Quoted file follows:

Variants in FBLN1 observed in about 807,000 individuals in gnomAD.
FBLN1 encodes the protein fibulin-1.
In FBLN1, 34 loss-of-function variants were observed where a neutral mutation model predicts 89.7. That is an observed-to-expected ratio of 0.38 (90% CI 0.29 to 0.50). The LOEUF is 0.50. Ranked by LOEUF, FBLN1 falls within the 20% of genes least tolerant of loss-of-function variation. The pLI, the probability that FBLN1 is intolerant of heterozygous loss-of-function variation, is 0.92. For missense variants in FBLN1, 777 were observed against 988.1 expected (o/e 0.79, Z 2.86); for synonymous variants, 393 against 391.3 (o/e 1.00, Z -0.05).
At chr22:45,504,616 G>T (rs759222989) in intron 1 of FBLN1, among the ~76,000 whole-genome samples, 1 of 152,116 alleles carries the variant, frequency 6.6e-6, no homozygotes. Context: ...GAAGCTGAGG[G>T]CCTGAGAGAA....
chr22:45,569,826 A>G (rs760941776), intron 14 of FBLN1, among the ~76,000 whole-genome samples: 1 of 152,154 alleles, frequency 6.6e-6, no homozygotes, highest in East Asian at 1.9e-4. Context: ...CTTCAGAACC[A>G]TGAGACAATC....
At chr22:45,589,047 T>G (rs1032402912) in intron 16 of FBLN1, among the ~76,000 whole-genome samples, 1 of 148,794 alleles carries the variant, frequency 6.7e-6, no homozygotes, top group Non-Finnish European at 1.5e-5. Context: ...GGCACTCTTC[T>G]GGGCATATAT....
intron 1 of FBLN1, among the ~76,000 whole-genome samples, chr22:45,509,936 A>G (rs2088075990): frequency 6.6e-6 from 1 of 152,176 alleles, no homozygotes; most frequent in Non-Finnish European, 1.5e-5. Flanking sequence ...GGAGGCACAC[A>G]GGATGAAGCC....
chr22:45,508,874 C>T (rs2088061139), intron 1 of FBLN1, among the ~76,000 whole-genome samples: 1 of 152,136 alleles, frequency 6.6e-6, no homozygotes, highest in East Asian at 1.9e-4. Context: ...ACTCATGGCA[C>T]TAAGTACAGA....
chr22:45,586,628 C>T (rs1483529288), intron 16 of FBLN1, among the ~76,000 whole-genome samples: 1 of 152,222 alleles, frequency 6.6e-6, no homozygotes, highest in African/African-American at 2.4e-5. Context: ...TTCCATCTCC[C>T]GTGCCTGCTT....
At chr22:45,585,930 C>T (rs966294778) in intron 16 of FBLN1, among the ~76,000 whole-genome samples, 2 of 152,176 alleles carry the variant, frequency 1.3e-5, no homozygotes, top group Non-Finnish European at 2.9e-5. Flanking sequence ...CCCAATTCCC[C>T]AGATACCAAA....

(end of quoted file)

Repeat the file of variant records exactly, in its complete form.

Variants in FBLN1 observed in about 807,000 individuals in gnomAD.
FBLN1 encodes the protein fibulin-1.
In FBLN1, 34 loss-of-function variants were observed where a neutral mutation model predicts 89.7. That is an observed-to-expected ratio of 0.38 (90% CI 0.29 to 0.50). The LOEUF is 0.50. Ranked by LOEUF, FBLN1 falls within the 20% of genes least tolerant of loss-of-function variation. The pLI, the probability that FBLN1 is intolerant of heterozygous loss-of-function variation, is 0.92. For missense variants in FBLN1, 777 were observed against 988.1 expected (o/e 0.79, Z 2.86); for synonymous variants, 393 against 391.3 (o/e 1.00, Z -0.05).
At chr22:45,504,616 G>T (rs759222989) in intron 1 of FBLN1, among the ~76,000 whole-genome samples, 1 of 152,116 alleles carries the variant, frequency 6.6e-6, no homozygotes. Context: ...GAAGCTGAGG[G>T]CCTGAGAGAA....
chr22:45,569,826 A>G (rs760941776), intron 14 of FBLN1, among the ~76,000 whole-genome samples: 1 of 152,154 alleles, frequency 6.6e-6, no homozygotes, highest in East Asian at 1.9e-4. Context: ...CTTCAGAACC[A>G]TGAGACAATC....
At chr22:45,589,047 T>G (rs1032402912) in intron 16 of FBLN1, among the ~76,000 whole-genome samples, 1 of 148,794 alleles carries the variant, frequency 6.7e-6, no homozygotes, top group Non-Finnish European at 1.5e-5. Context: ...GGCACTCTTC[T>G]GGGCATATAT....
intron 1 of FBLN1, among the ~76,000 whole-genome samples, chr22:45,509,936 A>G (rs2088075990): frequency 6.6e-6 from 1 of 152,176 alleles, no homozygotes; most frequent in Non-Finnish European, 1.5e-5. Flanking sequence ...GGAGGCACAC[A>G]GGATGAAGCC....
chr22:45,508,874 C>T (rs2088061139), intron 1 of FBLN1, among the ~76,000 whole-genome samples: 1 of 152,136 alleles, frequency 6.6e-6, no homozygotes, highest in East Asian at 1.9e-4. Context: ...ACTCATGGCA[C>T]TAAGTACAGA....
chr22:45,586,628 C>T (rs1483529288), intron 16 of FBLN1, among the ~76,000 whole-genome samples: 1 of 152,222 alleles, frequency 6.6e-6, no homozygotes, highest in African/African-American at 2.4e-5. Context: ...TTCCATCTCC[C>T]GTGCCTGCTT....
At chr22:45,585,930 C>T (rs966294778) in intron 16 of FBLN1, among the ~76,000 whole-genome samples, 2 of 152,176 alleles carry the variant, frequency 1.3e-5, no homozygotes, top group Non-Finnish European at 2.9e-5. Flanking sequence ...CCCAATTCCC[C>T]AGATACCAAA....